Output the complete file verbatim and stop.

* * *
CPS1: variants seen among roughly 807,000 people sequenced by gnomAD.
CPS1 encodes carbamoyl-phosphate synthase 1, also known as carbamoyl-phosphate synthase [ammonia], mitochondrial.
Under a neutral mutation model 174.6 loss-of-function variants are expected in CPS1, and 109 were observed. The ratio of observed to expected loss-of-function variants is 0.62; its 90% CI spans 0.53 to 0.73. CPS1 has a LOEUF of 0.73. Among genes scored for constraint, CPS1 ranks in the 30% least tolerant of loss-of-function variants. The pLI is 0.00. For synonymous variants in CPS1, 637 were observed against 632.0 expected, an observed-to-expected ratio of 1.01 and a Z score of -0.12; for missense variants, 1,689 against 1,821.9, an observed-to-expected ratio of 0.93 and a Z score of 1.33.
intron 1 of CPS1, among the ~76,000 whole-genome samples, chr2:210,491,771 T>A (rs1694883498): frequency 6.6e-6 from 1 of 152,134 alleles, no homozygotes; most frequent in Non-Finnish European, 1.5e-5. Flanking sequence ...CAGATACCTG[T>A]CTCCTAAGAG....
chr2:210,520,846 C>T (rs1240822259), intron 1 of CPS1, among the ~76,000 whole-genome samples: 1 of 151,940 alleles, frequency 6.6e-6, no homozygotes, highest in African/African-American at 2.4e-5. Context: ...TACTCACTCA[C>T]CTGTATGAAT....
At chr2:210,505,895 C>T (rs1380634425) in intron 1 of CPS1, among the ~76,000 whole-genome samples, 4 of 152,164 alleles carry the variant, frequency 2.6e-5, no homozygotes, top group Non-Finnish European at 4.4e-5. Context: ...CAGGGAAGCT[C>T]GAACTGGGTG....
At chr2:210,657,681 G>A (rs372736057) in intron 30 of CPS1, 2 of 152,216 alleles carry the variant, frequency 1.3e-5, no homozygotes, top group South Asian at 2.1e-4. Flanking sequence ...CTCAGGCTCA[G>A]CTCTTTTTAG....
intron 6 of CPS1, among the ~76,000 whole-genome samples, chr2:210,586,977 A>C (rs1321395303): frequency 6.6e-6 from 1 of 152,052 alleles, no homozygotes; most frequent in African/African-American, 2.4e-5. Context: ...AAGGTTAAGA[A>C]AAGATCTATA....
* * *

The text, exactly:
CPS1: variants seen among roughly 807,000 people sequenced by gnomAD.
CPS1 encodes carbamoyl-phosphate synthase 1, also known as carbamoyl-phosphate synthase [ammonia], mitochondrial.
Under a neutral mutation model 174.6 loss-of-function variants are expected in CPS1, and 109 were observed. The ratio of observed to expected loss-of-function variants is 0.62; its 90% CI spans 0.53 to 0.73. CPS1 has a LOEUF of 0.73. Among genes scored for constraint, CPS1 ranks in the 30% least tolerant of loss-of-function variants. The pLI is 0.00. For synonymous variants in CPS1, 637 were observed against 632.0 expected, an observed-to-expected ratio of 1.01 and a Z score of -0.12; for missense variants, 1,689 against 1,821.9, an observed-to-expected ratio of 0.93 and a Z score of 1.33.
intron 1 of CPS1, among the ~76,000 whole-genome samples, chr2:210,491,771 T>A (rs1694883498): frequency 6.6e-6 from 1 of 152,134 alleles, no homozygotes; most frequent in Non-Finnish European, 1.5e-5. Flanking sequence ...CAGATACCTG[T>A]CTCCTAAGAG....
chr2:210,520,846 C>T (rs1240822259), intron 1 of CPS1, among the ~76,000 whole-genome samples: 1 of 151,940 alleles, frequency 6.6e-6, no homozygotes, highest in African/African-American at 2.4e-5. Context: ...TACTCACTCA[C>T]CTGTATGAAT....
At chr2:210,505,895 C>T (rs1380634425) in intron 1 of CPS1, among the ~76,000 whole-genome samples, 4 of 152,164 alleles carry the variant, frequency 2.6e-5, no homozygotes, top group Non-Finnish European at 4.4e-5. Context: ...CAGGGAAGCT[C>T]GAACTGGGTG....
At chr2:210,657,681 G>A (rs372736057) in intron 30 of CPS1, 2 of 152,216 alleles carry the variant, frequency 1.3e-5, no homozygotes, top group South Asian at 2.1e-4. Flanking sequence ...CTCAGGCTCA[G>A]CTCTTTTTAG....
intron 6 of CPS1, among the ~76,000 whole-genome samples, chr2:210,586,977 A>C (rs1321395303): frequency 6.6e-6 from 1 of 152,052 alleles, no homozygotes; most frequent in African/African-American, 2.4e-5. Context: ...AAGGTTAAGA[A>C]AAGATCTATA....